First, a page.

diabolic possession represented as having deliberately and voluntarily given themselves into the power of the fiends? By no means. They are represented rather as the helpless victims of the Evil One; and when the devils have left them, they are in as sound a moral condition (for aught that is hinted to the contrary) as if they had never been possessed. They are not told to go and sin no more, as was the woman taken in adultery. They are not warned, as Dr. Abbott warns his readers, against putting themselves, of their own free will, in the power of the fiend. Had their subjection to evil been gradual and voluntary, how could their corrupted and debased moral natures have been transformed in a moment by a word addressed not to them, but to the indwelling devils? The fact that on one occasion the devils were gratified by being allowed to enter into a herd of swine would seem to show that personal merit or demerit had nothing to do with their choice of an abode. It is not to be supposed that those particular swine were sinners above all the swine that dwelt on the shores of Gennesaret. If Dr. Abbott will therefore consider the matter candidly, he will see that his theory has the double fault of scandalizing reason and opposing Scripture. Surely it is time that, for men as intelligent and with as liberal instincts as Dr. Abbott, the bands of authority were broken in matters of this kind. What do we want with devils in nineteenth-century thought? Can any honest man say that we need them as a working hypothesis for scientific purposes? Would not such a hypothesis rather prove an obstacle to scientific investigation by drawing attention away from the natural antecedents of crime and insanity? What misery has been wrought by this doctrine in past ages Dr. White has well shown. To-day it is a mere wretched survival from ages of ignorance, and one which a wise man, if he can not afford openly to combat, should at least studiously and conscientiously ignore.
In every-day life no fact is more noticeable than the inability of many persons to do their own thinking, even in matters and upon lines wholly within the range of their intelligence. They will see a point that is suggested to them, and will at once understand its bearing on some matter in hand; but they do not seem to have the faculty or art of raising points for themselves, and consequently their action is not as intelligent as it might be. If given a rule to work by, they will apply it, not only in season but out of season, and will look amazed if one suggests that, under special circumstances, they should have varied their usual procedure. Every employer and overseer of labor knows to what an extent this is the case. It is the exceptional workman who really thinks, and who can therefore be trusted to suit his action to circumstances. And so in nearly every sphere of life; a kind of automatism seems to be the rule, and intelligent self-direction, in the light of present facts, more or less the exception.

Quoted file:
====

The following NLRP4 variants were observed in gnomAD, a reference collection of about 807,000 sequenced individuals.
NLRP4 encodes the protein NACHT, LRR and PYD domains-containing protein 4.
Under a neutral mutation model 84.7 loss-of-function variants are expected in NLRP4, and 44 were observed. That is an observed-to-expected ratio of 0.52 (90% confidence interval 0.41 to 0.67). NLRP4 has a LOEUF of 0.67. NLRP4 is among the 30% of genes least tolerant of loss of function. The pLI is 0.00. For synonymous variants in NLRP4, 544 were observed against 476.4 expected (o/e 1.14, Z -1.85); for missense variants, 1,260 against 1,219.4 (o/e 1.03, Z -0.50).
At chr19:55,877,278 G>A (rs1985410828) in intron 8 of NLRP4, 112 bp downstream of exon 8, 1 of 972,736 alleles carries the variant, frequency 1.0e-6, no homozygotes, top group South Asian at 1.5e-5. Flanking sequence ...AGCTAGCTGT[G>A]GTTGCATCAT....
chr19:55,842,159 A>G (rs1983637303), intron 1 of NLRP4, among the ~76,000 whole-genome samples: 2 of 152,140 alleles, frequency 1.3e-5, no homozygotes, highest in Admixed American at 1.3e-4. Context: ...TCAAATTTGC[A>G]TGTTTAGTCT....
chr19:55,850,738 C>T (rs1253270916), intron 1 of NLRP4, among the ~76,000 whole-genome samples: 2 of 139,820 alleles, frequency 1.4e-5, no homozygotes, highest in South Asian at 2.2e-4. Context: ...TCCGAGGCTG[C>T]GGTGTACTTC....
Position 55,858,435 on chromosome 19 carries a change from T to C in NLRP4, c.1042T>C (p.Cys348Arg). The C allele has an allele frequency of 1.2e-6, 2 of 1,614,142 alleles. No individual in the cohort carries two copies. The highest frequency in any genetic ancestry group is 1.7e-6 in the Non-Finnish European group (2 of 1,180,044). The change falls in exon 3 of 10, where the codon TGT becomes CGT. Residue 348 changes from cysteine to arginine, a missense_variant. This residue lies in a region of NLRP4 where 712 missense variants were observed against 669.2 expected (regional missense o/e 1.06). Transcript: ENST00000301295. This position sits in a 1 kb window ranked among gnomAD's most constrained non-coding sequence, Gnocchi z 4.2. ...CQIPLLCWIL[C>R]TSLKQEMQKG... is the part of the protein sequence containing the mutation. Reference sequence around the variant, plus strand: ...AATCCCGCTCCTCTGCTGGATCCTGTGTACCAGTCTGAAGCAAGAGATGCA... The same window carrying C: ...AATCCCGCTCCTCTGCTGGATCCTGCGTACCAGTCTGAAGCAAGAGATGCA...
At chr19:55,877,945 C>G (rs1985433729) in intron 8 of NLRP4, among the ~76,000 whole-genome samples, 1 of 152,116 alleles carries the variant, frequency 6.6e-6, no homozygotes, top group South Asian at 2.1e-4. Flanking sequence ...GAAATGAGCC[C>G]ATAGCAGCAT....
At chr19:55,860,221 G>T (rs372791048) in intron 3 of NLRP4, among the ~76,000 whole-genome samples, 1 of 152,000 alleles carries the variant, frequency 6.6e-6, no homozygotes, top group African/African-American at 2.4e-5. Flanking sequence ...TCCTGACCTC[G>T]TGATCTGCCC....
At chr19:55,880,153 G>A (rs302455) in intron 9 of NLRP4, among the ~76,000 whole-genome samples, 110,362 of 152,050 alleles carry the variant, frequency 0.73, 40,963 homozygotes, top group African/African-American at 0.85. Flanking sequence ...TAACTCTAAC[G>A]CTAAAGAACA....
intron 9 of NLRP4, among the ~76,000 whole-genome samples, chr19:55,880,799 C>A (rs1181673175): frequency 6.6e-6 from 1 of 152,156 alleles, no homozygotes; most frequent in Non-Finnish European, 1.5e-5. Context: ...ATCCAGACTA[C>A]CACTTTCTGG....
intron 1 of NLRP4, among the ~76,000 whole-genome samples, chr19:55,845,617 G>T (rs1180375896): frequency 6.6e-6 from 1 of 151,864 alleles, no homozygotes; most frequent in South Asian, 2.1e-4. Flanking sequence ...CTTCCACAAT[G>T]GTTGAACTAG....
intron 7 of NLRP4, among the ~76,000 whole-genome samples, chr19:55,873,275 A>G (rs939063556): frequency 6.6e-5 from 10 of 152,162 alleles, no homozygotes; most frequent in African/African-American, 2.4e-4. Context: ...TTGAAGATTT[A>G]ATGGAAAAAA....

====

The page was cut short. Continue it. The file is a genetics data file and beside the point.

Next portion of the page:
One is, therefore, tempted to ask whether, in connection with our systems of education, some gymnastic might not be devised for the special purpose of teaching the rising generation to think. The mere introduction of the natural sciences into school and college courses will not suffice; for, as was shown in a report published in these columns a few years ago, the sciences may be taught with very little intellectual result. What is needed is to form the habit of thought in connection with everything; and, without assuming to speak with authority, we can not help inclining to the opinion that this might be done by presenting every object of thought as something not complete in itself, but as requiring, for its proper comprehension, to be considered in its relations to other things. Nearly every act of stupidity committed in daily life arises from disregarding the